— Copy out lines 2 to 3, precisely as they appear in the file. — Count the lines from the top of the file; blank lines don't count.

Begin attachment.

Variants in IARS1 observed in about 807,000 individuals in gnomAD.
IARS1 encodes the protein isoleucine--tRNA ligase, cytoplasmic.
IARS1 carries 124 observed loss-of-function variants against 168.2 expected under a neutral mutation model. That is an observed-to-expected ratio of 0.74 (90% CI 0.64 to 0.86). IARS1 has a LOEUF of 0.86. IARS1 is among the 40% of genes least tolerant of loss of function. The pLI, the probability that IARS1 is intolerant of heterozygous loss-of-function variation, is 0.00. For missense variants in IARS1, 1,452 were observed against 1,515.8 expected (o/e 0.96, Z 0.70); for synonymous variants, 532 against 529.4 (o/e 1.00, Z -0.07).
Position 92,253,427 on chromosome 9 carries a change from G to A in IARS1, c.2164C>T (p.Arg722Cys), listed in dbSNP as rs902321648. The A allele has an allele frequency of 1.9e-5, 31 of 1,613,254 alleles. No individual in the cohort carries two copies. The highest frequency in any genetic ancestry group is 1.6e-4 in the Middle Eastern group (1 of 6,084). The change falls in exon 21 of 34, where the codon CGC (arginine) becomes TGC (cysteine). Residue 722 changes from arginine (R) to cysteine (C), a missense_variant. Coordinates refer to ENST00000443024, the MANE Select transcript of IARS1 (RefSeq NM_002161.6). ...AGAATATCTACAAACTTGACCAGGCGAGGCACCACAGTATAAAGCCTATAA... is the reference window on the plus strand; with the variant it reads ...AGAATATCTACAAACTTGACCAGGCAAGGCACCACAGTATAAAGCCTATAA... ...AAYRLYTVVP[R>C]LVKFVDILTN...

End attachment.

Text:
IARS1 encodes the protein isoleucine--tRNA ligase, cytoplasmic.
IARS1 carries 124 observed loss-of-function variants against 168.2 expected under a neutral mutation model. That is an observed-to-expected ratio of 0.74 (90% CI 0.64 to 0.86). IARS1 has a LOEUF of 0.86. IARS1 is among the 40% of genes least tolerant of loss of function. The pLI, the probability that IARS1 is intolerant of heterozygous loss-of-function variation, is 0.00. For missense variants in IARS1, 1,452 were observed against 1,515.8 expected (o/e 0.96, Z 0.70); for synonymous variants, 532 against 529.4 (o/e 1.00, Z -0.07).